A young Sacred Heart College girl is drawing on the memory of her late grandmother to take the next step forward in her faith.
Fourteen-year-old Sophie Richardson will follow in the tradition of girls past and present when she takes her First Holy Communion and Baptism next month.
Aside from her grandmother, Sophie says the motivation behind her decision was to “feel closer to God and the school” but also to “get a better understanding of everything”.
Before starting college in January, Sophie says she “didn’t know a single bit” about Catholicism but is glad she has had the opportunity to learn more.
Her immediate family (parents and younger brother) are not religious, they are supportive of her decision.
While her paternal grandmother sadly passed away earlier this year, she knew of her granddaughter’s plans. “She was really excited”.
Despite deciding earlier in the year, Covid-19 has delayed her plans. Sophie will be joined by Cara Kuzman, who is taking her First Holy Communion. They will receive their Sacraments at 10am mass on Sunday, November 15.
Director of Religious Studies Mr Tom Silverwood said the school’s sacramental programme allows students who wish to take up the Sacraments of Initiation, to do so.
These include the three sacraments of Baptism, Confirmation and Eucharist (First Holy Communion).
Once they decide, Mr Silverwood, with input from Youth Minister Victoria Vo, take the students through a seven-week programme delving deeper into the meaning behind what they are about to embark on.
He says at every step of the way parents are informed and encouraged to speak to their daughters about their decision. “I very much try and get the parents involved as well so it’s not just a school thing.”
Three years ago Kelsie Hawkins and Tiger Dassefa took the Sacraments of Initiation.
As Kelsie had already been baptised as a child, she did her Confirmation and First Holy Communion. Whereas Tiger did all three.
Now in year 13, they don’t regret their decision and believe they have grown considerably in their faith.
“Even before, our faith was pretty strong and we were so dedicated to fully committing to the Church but after actually doing it, it just solidified it even more,” Tiger said.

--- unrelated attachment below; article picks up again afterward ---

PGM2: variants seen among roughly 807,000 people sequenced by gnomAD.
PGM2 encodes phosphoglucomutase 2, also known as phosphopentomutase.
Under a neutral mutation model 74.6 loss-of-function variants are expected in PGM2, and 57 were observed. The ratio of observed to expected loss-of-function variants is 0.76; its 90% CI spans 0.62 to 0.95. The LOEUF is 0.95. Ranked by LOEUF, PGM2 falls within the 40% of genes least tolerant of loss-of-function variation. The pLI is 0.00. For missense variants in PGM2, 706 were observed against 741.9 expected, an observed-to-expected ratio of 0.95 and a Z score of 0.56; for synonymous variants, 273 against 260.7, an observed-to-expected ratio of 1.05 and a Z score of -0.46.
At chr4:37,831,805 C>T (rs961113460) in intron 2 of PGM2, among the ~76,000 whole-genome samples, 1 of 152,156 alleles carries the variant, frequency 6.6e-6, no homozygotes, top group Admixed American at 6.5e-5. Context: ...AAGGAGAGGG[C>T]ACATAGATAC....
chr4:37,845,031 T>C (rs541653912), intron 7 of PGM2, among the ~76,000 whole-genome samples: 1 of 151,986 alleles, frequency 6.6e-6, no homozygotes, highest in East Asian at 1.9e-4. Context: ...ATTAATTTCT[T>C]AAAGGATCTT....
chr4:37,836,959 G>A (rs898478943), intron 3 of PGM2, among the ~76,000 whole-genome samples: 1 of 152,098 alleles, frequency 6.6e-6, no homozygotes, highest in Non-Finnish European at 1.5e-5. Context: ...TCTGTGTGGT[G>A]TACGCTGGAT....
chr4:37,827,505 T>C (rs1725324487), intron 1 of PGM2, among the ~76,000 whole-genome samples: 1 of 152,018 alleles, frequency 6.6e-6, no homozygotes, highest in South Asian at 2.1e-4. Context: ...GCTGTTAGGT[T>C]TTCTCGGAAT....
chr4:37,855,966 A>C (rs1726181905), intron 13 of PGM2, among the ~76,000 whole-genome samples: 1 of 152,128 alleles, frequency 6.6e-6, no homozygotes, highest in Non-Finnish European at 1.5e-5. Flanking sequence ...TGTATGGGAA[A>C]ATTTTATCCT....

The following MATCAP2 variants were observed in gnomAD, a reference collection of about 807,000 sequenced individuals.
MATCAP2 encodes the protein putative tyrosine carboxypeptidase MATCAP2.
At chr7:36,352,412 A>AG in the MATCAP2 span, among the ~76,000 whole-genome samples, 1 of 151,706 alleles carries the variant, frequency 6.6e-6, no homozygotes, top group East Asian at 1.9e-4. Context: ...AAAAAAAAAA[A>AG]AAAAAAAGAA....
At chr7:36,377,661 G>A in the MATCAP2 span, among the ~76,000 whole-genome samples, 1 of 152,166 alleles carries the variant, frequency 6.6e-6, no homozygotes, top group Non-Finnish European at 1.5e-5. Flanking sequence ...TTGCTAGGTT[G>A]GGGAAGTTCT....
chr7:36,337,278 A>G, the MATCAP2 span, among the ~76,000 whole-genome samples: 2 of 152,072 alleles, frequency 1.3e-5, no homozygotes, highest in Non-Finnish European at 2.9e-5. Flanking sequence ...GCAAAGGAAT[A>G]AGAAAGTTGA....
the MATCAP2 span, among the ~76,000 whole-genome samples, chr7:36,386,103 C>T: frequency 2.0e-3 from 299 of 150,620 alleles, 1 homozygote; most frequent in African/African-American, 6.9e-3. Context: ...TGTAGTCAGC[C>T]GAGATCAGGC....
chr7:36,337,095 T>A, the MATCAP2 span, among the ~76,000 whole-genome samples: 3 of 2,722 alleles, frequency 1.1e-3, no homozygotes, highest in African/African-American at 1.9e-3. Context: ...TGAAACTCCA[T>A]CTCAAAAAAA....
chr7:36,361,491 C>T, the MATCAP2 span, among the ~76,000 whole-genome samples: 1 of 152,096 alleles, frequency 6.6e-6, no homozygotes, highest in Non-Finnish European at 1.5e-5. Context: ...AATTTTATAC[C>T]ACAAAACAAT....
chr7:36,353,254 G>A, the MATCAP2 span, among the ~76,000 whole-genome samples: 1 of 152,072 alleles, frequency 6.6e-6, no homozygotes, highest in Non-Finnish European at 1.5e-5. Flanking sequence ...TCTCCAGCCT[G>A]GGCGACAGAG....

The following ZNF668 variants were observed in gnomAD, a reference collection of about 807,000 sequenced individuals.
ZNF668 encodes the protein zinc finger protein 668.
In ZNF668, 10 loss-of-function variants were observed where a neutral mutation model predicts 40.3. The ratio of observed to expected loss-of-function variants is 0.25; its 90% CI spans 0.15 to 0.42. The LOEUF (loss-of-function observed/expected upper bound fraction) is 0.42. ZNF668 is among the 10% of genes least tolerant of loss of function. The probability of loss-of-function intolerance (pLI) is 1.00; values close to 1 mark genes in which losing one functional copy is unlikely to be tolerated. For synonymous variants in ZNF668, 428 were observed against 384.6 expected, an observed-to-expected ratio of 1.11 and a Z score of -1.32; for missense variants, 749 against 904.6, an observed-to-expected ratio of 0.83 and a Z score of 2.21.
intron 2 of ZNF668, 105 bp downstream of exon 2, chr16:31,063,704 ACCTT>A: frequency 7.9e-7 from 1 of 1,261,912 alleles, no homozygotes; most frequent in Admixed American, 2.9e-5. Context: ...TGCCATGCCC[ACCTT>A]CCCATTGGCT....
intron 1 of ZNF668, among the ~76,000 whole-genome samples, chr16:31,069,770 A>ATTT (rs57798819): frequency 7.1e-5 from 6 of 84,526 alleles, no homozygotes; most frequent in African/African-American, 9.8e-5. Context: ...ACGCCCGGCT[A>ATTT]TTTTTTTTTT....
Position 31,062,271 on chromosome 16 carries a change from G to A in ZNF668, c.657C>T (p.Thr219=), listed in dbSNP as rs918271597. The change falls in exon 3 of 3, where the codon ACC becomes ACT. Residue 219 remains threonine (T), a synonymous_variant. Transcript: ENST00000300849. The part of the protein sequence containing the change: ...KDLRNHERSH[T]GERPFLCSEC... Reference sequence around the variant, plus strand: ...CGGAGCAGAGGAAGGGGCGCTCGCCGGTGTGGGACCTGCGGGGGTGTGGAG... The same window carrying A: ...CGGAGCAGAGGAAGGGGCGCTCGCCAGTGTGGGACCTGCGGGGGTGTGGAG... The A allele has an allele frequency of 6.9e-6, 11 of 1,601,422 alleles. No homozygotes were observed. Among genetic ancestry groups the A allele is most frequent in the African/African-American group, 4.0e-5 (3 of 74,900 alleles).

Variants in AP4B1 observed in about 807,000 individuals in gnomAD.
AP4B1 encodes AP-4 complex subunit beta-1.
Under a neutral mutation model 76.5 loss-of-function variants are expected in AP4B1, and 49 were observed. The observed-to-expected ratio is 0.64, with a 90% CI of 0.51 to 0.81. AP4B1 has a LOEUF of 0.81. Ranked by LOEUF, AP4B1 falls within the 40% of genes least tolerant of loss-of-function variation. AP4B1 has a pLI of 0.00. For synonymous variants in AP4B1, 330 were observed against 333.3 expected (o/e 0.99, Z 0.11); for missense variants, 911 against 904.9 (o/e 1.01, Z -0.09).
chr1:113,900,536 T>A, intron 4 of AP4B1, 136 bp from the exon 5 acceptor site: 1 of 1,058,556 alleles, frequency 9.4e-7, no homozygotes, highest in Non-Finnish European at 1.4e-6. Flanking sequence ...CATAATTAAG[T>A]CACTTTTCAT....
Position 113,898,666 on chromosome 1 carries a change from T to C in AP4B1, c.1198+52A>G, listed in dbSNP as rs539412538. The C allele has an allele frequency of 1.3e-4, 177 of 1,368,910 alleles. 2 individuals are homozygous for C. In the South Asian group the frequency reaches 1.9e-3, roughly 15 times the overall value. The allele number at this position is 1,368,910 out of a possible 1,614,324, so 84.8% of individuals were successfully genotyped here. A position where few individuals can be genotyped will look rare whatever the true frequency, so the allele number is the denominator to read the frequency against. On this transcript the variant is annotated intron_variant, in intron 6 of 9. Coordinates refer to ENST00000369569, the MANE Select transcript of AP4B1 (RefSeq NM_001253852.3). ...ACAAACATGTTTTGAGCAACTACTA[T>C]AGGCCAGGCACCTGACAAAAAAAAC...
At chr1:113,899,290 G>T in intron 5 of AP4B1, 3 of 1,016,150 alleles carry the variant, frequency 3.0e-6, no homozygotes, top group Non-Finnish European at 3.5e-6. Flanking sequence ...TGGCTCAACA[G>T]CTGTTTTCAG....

It was an assessment on Sacraments in Religious Studies which piqued their interest and gave them a deeper understanding. The programme with Father Barry and the school also meant they “weren’t just jumping into it”.
“I think doing it at our age is better because it means that we genuinely believe what we’re doing,” Tiger said. Kelsey agreed.
“I do think it is more beneficial for girls to know that that’s what they want to do certainly before they jump into doing it. I guess that’s why it was good for us to have the lessons and to be that little bit older.”
Both of them would recommend other students looking into the sacraments at the very least.
In the school environment, both girls found they grew closer with the students from SHC and their brother school St. John’s College who did it at the same time.
“I think that’s a cool aspect of it because it is nice to have people in the same boat as you,” Tiger said.
Mr Silverwood has been in the Religious Education field for the past 24 years, but at SHC since this year.
One key difference this year is that the Sacramental programme, which in the past has been run in the Parish is now being run out of the school.
Once it is completed, students will then receive their Sacraments at the Parish by the Parish Priest.
"That’s the big thing and a bit of a shift for the Parish just to have confidence in the school that we will do a good job and I think the girls find it easier when it's among their own peers," he said.
The girls will receive their Sacraments at 10am mass on Sunday, November 15.